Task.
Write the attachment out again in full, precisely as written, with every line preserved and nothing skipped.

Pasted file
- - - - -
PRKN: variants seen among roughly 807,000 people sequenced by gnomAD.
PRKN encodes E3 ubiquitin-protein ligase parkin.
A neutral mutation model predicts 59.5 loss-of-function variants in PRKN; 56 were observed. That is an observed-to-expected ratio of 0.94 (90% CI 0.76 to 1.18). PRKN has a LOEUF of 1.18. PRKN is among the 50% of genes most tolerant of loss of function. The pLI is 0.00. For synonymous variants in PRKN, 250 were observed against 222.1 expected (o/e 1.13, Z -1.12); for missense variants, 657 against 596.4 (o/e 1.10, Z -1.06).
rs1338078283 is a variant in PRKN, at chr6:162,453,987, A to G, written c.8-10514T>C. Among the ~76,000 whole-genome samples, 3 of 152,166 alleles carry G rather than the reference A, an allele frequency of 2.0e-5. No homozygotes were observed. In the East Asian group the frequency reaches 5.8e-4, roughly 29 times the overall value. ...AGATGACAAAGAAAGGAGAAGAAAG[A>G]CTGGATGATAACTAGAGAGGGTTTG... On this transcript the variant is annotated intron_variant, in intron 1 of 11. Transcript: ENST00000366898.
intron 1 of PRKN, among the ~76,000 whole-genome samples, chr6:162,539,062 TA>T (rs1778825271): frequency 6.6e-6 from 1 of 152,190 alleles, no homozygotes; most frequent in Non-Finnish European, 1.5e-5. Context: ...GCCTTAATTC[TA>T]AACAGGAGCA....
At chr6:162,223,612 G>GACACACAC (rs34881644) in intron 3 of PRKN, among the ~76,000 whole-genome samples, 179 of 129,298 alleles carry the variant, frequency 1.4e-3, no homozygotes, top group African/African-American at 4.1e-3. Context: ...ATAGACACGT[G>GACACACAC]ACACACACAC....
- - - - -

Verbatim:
PRKN: variants seen among roughly 807,000 people sequenced by gnomAD.
PRKN encodes E3 ubiquitin-protein ligase parkin.
A neutral mutation model predicts 59.5 loss-of-function variants in PRKN; 56 were observed. That is an observed-to-expected ratio of 0.94 (90% CI 0.76 to 1.18). PRKN has a LOEUF of 1.18. PRKN is among the 50% of genes most tolerant of loss of function. The pLI is 0.00. For synonymous variants in PRKN, 250 were observed against 222.1 expected (o/e 1.13, Z -1.12); for missense variants, 657 against 596.4 (o/e 1.10, Z -1.06).
rs1338078283 is a variant in PRKN, at chr6:162,453,987, A to G, written c.8-10514T>C. Among the ~76,000 whole-genome samples, 3 of 152,166 alleles carry G rather than the reference A, an allele frequency of 2.0e-5. No homozygotes were observed. In the East Asian group the frequency reaches 5.8e-4, roughly 29 times the overall value. ...AGATGACAAAGAAAGGAGAAGAAAG[A>G]CTGGATGATAACTAGAGAGGGTTTG... On this transcript the variant is annotated intron_variant, in intron 1 of 11. Transcript: ENST00000366898.
intron 1 of PRKN, among the ~76,000 whole-genome samples, chr6:162,539,062 TA>T (rs1778825271): frequency 6.6e-6 from 1 of 152,190 alleles, no homozygotes; most frequent in Non-Finnish European, 1.5e-5. Context: ...GCCTTAATTC[TA>T]AACAGGAGCA....
At chr6:162,223,612 G>GACACACAC (rs34881644) in intron 3 of PRKN, among the ~76,000 whole-genome samples, 179 of 129,298 alleles carry the variant, frequency 1.4e-3, no homozygotes, top group African/African-American at 4.1e-3. Context: ...ATAGACACGT[G>GACACACAC]ACACACACAC....